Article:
By Yuki Kobayashi / Yomiuri Shimbun Staff WriterShinichi Kitaoka, a political scientist and professor emeritus at the University of Tokyo, examines Japan’s future role in the world while visiting various countries around the globe in his recently published book.
The author of “Sekai Chizu o Yominaosu” (Rereading the world map), part of a series from Shinchosha Publishing Co., said: “The world still has high expectations for Japan. We must continue to meet these expectations.”
Kitaoka has been serving as the president of the Japan International Cooperation Agency (JICA) since 2015. He has visited 108 countries, including those before he assumed the post.
In this book, he closely examines about 20 countries, mainly small nations including Russia’s neighbors Georgia and Armenia, African countries such as Uganda and South Sudan, and Asian nations.
Kitaoka keenly felt the desperate efforts that countries are making to protect their independence and maintain their initiatives, while being influenced by their own historical and geographic conditions.
He refers to the situation in which such countries place high importance on maintaining language and religion, and points out that even in small countries, there were many outstanding leaders who had strategies for development based on their own strengths and weaknesses.
On the other hand, countries closely related to Japan, such as the United States, China and South Korea, appear only indirectly in the book.
Although bilateral relations with these countries are important, discussions with them tend to focus on coordination of interests because diplomatic outcomes do not come to the fore conspicuously.
Kitaoka also sees the current diplomatic stance of Japan, which places too much emphasis on bilateral relations, as a factor that could lead to a deadlock in such relations. “I wanted to consider Japan’s standpoint from afar, and perceive the views of other countries toward Japan,” he said.
More well regarded than thought
During his visits to such countries, he realized that the rest of the world knows and respects Japan more than he had thought. He says one reason for this is Japan’s ability to achieve economic development and a society that embraces democracy and freedom despite being a non-Western country.
Another reason is that Japan has contributed greatly to the growth of aid-recipient countries by cooperating in the development of social infrastructure such as roads and ports, as well as in the field of “human security” such as health and sanitation projects.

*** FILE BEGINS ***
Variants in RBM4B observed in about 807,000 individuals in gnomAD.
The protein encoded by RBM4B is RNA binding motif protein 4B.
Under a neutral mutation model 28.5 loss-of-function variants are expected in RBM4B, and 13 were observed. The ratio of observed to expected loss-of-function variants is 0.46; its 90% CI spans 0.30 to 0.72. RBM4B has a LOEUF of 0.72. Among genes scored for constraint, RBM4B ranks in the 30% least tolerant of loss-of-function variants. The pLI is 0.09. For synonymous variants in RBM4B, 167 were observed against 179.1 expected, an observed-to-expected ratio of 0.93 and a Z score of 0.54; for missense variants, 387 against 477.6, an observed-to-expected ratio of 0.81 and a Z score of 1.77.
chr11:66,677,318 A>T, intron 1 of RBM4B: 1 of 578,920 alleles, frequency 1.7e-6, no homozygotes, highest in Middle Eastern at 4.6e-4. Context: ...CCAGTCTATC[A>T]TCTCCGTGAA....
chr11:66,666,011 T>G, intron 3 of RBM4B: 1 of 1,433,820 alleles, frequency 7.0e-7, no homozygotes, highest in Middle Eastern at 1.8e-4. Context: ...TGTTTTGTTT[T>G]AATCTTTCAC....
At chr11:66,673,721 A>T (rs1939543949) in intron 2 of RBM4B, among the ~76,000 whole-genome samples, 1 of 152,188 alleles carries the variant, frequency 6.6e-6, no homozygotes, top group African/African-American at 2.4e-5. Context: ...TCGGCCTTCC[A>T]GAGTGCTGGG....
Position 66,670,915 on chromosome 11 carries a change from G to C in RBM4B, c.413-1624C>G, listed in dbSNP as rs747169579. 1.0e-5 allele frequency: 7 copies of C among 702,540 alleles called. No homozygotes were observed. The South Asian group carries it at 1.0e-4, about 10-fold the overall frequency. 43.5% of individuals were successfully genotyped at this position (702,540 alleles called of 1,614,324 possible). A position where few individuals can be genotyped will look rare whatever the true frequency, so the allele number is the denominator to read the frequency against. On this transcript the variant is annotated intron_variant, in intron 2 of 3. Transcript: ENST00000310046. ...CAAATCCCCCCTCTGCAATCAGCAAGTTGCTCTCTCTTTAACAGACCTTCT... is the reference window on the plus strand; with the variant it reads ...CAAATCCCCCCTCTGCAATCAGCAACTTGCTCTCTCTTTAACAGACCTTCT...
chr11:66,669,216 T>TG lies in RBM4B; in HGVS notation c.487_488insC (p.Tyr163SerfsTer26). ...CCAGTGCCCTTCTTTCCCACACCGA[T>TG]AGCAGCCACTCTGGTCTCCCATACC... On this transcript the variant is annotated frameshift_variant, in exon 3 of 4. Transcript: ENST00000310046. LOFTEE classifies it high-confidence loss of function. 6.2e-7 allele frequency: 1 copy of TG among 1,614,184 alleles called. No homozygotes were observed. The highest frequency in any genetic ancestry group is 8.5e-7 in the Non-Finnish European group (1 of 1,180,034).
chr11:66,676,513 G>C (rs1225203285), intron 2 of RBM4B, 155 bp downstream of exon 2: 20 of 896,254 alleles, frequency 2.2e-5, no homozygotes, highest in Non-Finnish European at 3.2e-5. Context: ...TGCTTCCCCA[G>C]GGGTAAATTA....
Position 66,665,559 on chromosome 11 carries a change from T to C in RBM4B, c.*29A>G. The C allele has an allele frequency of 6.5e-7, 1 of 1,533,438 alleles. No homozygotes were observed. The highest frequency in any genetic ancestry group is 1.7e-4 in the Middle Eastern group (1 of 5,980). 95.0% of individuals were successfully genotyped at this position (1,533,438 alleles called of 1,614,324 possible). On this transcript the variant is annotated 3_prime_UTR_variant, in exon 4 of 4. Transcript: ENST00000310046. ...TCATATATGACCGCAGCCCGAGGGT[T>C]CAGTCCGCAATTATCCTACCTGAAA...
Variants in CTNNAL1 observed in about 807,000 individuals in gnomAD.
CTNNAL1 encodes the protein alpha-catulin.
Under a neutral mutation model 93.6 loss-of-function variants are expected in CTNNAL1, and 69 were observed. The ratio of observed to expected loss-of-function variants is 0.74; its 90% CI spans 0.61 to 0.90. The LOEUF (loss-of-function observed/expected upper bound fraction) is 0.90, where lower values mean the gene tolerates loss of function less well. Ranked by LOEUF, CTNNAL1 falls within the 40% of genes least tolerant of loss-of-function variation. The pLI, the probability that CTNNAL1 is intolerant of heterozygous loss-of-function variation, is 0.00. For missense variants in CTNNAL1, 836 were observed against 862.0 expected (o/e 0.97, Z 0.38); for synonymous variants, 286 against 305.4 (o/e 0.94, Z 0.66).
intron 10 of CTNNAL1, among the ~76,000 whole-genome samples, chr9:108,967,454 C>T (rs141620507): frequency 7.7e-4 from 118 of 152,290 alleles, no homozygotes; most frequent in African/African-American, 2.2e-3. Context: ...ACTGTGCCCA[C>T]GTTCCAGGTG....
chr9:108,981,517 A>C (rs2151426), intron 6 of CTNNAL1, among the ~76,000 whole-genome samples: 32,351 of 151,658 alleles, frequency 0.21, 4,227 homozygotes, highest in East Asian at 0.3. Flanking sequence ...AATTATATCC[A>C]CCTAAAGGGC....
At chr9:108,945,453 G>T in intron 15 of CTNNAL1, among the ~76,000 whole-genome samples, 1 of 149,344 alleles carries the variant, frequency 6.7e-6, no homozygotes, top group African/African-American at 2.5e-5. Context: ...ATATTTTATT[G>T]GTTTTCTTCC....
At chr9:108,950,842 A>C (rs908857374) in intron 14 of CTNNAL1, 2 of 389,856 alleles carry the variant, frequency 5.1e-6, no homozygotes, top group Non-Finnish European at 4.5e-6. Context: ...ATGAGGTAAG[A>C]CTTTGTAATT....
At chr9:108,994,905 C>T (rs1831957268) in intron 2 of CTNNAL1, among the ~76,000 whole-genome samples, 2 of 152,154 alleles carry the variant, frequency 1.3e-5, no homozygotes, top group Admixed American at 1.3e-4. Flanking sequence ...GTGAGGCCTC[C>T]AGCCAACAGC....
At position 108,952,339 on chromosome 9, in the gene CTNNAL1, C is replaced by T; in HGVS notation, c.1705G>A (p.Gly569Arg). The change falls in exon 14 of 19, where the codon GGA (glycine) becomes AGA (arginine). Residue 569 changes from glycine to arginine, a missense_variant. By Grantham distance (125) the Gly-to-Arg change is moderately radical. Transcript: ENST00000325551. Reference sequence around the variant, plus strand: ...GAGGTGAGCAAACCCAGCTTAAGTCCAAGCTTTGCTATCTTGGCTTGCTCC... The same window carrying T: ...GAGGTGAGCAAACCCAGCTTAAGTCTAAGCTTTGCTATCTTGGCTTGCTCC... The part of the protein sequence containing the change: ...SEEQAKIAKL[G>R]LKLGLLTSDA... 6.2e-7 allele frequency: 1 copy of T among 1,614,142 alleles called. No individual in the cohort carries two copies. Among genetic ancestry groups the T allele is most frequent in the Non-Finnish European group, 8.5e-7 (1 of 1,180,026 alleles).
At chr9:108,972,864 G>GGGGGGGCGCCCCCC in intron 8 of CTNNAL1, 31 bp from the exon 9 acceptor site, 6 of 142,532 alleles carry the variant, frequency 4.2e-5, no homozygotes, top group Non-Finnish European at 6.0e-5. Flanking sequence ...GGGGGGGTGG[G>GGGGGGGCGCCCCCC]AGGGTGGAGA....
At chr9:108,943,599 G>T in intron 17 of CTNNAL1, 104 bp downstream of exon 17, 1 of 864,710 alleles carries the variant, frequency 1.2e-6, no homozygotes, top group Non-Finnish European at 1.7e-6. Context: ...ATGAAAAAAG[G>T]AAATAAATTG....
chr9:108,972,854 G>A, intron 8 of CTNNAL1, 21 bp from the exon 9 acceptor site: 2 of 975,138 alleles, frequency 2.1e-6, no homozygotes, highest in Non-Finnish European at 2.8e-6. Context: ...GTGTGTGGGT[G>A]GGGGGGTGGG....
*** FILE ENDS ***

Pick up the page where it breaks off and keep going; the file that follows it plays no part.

Kitaoka’s new book also highlights JICA’s characteristic cooperation projects. These include efforts to introduce Japanese education methods for elementary schools — in which the students help to clean school buildings — promote the holding of athletic meets, invite the elite to Japan to provide them with education and teach rice cultivation in Africa.
Meanwhile, Kitaoka warns against the tendency for Japan to praise itself. He stresses that Japan should offer cooperation suited to local circumstances to aid-recipient countries on an equal footing without trying to put the countries under its influence in return for aid.
“Within a country, rich people pay a lot of taxes to make sure that benefits of the welfare schemes reach the poor. International cooperation is just the same,” he said, adding, “It’s important to ask yourself, ‘Does Japan continue to be a country that meets the expectations of the world?’”
Regarding the Belt and Road Initiative, China’s scheme to create a mega-economic zone, Kitaoka says it’s important for Japan not to counter this at any rate, but to take a balanced approach, such as by cooperating with beneficial projects that meet certain conditions.
Lessons from small countries
Observing small countries has made him realize what national interests Japan should protect and what it should stand for — namely, values that include international cooperation, free trade and democracy.
Cooperation based on principles and for the sake of recipients would enhance Japan’s image in the eyes of other countries, increase the number of countries friendly to Japan, and offer “security that is cheaper than spending huge amounts on weapons” — and this eventually would bring a significant return to Japan.
Of course, he does not underestimate security by defining it in a narrow sense.
Over the enactment of the security-related legislation in 2015, questions were raised about the right to collective self-defense, and there were dogmatic statements about war and protection of the Constitution.
But he criticizes such arguments, saying they ignore international situations: “Japan has yet to come up with a ‘pivotal argument’ to set priorities on important issues by facing the most crucial matters. The country was able to do so at the end of the Edo period through the Meiji Restoration in the late 19th century. There are still many things Japan can do in its diplomacy.”Speech